If you are convicted of first-degree murder in North Carolina and you are sentenced to life in prison, you are not eligible for parole. North Carolina law states that a life sentence is a life sentence.

  • The police did not read me my rights. Doesn’t this mean that the state must dismiss the criminal charges against me?

No, the police are not required to read you the Miranda rights for the criminal charges to be valid. Police officers can question you without informing you of your Miranda rights; however, any evidence obtained may not be used against you if your attorney proves to the court that you were not informed of your rights prior to answering the questions. Regardless of the situation, it is ALWAYS in your best interest to invoke your right to remain silent except for asking to contact a criminal defense lawyer.

  • Are cops allowed to lie to me?

Yes, police officers can lie to you in order to make an arrest. An officer does not need to be “undercover” in order to lie to a suspect. Again, it is ALWAYS in your best interest to utilize your right to remain silent except for requesting to consult with a criminal defense lawyer.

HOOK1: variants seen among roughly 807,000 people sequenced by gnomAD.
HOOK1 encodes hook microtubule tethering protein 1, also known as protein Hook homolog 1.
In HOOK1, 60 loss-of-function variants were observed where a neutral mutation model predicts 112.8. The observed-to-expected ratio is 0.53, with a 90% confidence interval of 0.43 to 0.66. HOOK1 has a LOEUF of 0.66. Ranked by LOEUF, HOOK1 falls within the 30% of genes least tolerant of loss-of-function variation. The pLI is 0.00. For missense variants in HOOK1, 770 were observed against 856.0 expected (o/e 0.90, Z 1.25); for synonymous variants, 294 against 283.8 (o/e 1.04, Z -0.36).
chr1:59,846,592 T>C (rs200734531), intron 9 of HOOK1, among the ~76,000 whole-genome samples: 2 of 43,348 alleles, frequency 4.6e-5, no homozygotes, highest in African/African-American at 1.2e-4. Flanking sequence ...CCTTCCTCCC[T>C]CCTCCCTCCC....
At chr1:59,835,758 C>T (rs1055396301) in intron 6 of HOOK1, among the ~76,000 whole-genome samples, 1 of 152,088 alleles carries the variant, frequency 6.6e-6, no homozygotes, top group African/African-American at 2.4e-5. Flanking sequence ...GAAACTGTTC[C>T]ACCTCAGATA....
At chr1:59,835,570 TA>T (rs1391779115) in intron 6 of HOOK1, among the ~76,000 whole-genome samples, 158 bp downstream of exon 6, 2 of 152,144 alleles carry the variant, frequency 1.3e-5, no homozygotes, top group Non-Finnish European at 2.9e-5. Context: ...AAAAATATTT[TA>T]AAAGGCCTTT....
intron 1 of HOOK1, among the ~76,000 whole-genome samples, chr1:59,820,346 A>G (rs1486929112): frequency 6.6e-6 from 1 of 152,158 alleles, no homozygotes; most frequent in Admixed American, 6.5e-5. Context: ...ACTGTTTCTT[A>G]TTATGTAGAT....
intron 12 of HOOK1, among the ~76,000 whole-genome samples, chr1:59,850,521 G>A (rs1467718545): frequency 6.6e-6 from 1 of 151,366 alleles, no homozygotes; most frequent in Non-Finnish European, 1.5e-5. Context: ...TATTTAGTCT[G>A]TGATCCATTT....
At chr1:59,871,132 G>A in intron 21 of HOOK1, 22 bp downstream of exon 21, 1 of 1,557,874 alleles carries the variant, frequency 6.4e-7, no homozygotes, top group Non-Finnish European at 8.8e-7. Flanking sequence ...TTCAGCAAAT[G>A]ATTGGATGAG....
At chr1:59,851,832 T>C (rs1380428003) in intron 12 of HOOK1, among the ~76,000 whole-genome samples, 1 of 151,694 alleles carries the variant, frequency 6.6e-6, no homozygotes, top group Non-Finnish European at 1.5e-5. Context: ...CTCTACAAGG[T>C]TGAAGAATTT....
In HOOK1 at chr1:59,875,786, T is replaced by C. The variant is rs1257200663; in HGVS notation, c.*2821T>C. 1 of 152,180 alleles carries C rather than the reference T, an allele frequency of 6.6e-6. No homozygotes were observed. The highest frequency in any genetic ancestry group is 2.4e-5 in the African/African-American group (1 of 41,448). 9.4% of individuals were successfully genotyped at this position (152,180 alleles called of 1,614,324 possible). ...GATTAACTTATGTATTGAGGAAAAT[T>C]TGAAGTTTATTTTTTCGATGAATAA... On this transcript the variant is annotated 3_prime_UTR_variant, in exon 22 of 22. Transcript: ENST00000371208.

• Am I guilty of the crime if I only drove the car?

Yes, you can be charged with a crime even if you did not get out of the car and you did not commit the crime yourself. If you drive someone to a location knowing that person is going to commit a crime, you can be charged with the same crime and found guilty of that crime as an accomplice.

  • Am I required to answer questions by the police during an investigation?

No, you are not required to answer questions during an investigation or after an arrest. In fact, nobody is required to talk to law enforcement, regardless of whether they are a suspect or simply a witness.  If you believe that you are being investigated for a crime, politely decline to answer questions or provide any sort of statement.  You should ask the officer if you are free to leave and if you are free to leave, and if the answer is yes, then do so and immediately contact our office.

  • If the police officer tells me that my case will be dismissed, do I need to worry?

Yes, you still should worry and you should immediately contact a criminal defense lawyer. The police do not have the authority to make promises on behalf of the State. The prosecutor is the only person who can make a binding plea deal with you. Relying on what the police tell you without consulting with an experienced criminal defense lawyer can result in your conviction and a prison sentence.

Contact an Experienced Jacksonville Criminal Defense Lawyer

“Attorneys Who Aggressively Protect Your Rights”

The criminal defense attorneys of Welch and Avery understand North Carolina criminal laws and understand the best way to help you avoid severe consequences from a criminal conviction. We represent clients throughout Duplin County, Onslow County and the surrounding communities. Call our office at (910) 405-8459  or contact us online today for a free case evaluation.